Iraqis in the western city of Fallujah say members of an al-Qaeda-linked group are handing out pamphlets urging people to take up arms and back them against Iraqi troops besieging the city.
Residents told the Associated Press news agency that fighters were distributing pamphlets with the emblem of the group - the Islamic State of Iraq and the Levant (ISIL) - at main intersections in Fallujah on Thursday.
The residents say the pamphlets urge the people of Fallujah to fight alongside the al-Qaida group, give money and open their homes as shelter.
They also said clashes between Iraqi security forces and al-Qaeda militants raged in two Fallujah neighbourhoods from late last night to Thursday morning.
Appeal to the world
The call came after Nouri al-Maliki, the Iraqi prime minister, called on the world to help his country remove the ISIL from Sunni-dominated Anbar, a province including the towns of Fallujah and Ramadi that borders Syria.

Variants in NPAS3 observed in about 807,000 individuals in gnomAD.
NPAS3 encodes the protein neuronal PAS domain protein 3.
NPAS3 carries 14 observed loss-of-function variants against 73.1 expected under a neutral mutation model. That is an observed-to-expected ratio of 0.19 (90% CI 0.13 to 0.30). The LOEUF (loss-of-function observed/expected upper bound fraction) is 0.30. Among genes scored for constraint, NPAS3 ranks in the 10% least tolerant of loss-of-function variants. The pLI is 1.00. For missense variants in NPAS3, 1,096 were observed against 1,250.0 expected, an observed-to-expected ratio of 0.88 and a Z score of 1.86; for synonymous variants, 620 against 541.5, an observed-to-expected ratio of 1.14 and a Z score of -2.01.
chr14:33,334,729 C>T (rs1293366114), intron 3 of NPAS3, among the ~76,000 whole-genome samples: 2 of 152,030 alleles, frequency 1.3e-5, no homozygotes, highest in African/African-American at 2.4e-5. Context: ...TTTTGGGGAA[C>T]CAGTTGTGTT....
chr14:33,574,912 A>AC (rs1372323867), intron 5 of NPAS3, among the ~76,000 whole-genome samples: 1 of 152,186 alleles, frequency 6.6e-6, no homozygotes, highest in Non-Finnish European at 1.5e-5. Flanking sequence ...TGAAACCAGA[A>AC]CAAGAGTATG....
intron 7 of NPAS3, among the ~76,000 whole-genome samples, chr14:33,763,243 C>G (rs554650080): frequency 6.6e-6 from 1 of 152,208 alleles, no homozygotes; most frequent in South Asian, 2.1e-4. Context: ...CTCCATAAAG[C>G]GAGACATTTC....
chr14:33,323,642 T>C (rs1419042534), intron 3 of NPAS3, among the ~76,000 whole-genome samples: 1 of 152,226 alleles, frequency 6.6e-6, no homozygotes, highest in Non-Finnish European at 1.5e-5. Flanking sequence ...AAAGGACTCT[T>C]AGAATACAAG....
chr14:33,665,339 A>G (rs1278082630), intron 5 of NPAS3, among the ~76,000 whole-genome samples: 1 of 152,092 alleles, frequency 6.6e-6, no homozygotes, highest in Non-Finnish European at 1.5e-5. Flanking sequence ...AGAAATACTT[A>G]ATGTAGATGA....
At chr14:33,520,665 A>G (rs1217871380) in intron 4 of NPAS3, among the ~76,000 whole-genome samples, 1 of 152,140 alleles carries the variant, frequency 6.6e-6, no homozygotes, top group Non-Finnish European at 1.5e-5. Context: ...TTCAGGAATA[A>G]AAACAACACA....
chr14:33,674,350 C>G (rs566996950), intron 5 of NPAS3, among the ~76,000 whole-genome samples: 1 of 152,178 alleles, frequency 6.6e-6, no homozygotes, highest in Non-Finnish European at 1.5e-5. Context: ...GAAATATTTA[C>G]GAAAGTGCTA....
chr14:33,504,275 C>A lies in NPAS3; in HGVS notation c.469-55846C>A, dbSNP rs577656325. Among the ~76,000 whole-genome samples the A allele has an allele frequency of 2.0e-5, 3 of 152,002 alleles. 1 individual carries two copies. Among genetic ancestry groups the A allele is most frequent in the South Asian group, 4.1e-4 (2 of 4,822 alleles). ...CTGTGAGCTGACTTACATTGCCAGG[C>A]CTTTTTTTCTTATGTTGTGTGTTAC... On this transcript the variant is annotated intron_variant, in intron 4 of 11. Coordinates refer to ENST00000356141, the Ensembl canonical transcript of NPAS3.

Maliki, who leads a Shia-dominated government, gave warning of a long fight ahead as 86 people died in a series of attacks in Baghdad. Baquba and Mosul on Wednesday.
In his weekly televised address, Maliki appealed for international action against ISIL.
"It may take time," he said "but ... to keep silent means there would be sub-states creating problems for the security of the region and the world."
Maliki called for "a strong position against countries who give support" to armed groups and urged world powers to "drain the resources of terrorists".
Ban Ki-moon, the UN secretary-general, and other diplomats have urged Iraq's leaders to seek political reconciliation to end the ongoing violence and the crisis in Anbar.
However, Maliki has ruled out talking to the fighters and has used his military against them.